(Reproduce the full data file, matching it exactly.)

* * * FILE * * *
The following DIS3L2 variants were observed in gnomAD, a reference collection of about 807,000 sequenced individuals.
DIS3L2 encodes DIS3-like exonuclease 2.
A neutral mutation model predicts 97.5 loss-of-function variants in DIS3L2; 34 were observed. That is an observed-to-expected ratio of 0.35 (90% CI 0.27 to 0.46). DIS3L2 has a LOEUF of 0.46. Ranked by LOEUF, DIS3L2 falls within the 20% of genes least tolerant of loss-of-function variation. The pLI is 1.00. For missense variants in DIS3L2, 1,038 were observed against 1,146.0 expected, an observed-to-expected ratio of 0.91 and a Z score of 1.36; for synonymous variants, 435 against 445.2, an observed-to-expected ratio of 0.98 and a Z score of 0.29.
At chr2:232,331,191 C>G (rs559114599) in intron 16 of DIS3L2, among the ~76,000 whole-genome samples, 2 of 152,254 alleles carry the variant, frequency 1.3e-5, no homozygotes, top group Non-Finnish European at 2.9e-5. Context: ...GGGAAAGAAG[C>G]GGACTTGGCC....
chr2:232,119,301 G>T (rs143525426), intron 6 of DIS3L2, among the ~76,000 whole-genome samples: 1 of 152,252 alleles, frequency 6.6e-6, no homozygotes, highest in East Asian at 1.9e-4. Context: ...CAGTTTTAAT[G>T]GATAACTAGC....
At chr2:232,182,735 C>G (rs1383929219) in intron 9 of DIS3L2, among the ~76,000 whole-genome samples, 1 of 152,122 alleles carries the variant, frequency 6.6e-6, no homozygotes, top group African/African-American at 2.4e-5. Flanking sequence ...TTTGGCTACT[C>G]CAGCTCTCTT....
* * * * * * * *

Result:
The following DIS3L2 variants were observed in gnomAD, a reference collection of about 807,000 sequenced individuals.
DIS3L2 encodes DIS3-like exonuclease 2.
A neutral mutation model predicts 97.5 loss-of-function variants in DIS3L2; 34 were observed. That is an observed-to-expected ratio of 0.35 (90% CI 0.27 to 0.46). DIS3L2 has a LOEUF of 0.46. Ranked by LOEUF, DIS3L2 falls within the 20% of genes least tolerant of loss-of-function variation. The pLI is 1.00. For missense variants in DIS3L2, 1,038 were observed against 1,146.0 expected, an observed-to-expected ratio of 0.91 and a Z score of 1.36; for synonymous variants, 435 against 445.2, an observed-to-expected ratio of 0.98 and a Z score of 0.29.
At chr2:232,331,191 C>G (rs559114599) in intron 16 of DIS3L2, among the ~76,000 whole-genome samples, 2 of 152,254 alleles carry the variant, frequency 1.3e-5, no homozygotes, top group Non-Finnish European at 2.9e-5. Context: ...GGGAAAGAAG[C>G]GGACTTGGCC....
chr2:232,119,301 G>T (rs143525426), intron 6 of DIS3L2, among the ~76,000 whole-genome samples: 1 of 152,252 alleles, frequency 6.6e-6, no homozygotes, highest in East Asian at 1.9e-4. Context: ...CAGTTTTAAT[G>T]GATAACTAGC....
At chr2:232,182,735 C>G (rs1383929219) in intron 9 of DIS3L2, among the ~76,000 whole-genome samples, 1 of 152,122 alleles carries the variant, frequency 6.6e-6, no homozygotes, top group African/African-American at 2.4e-5. Flanking sequence ...TTTGGCTACT[C>G]CAGCTCTCTT....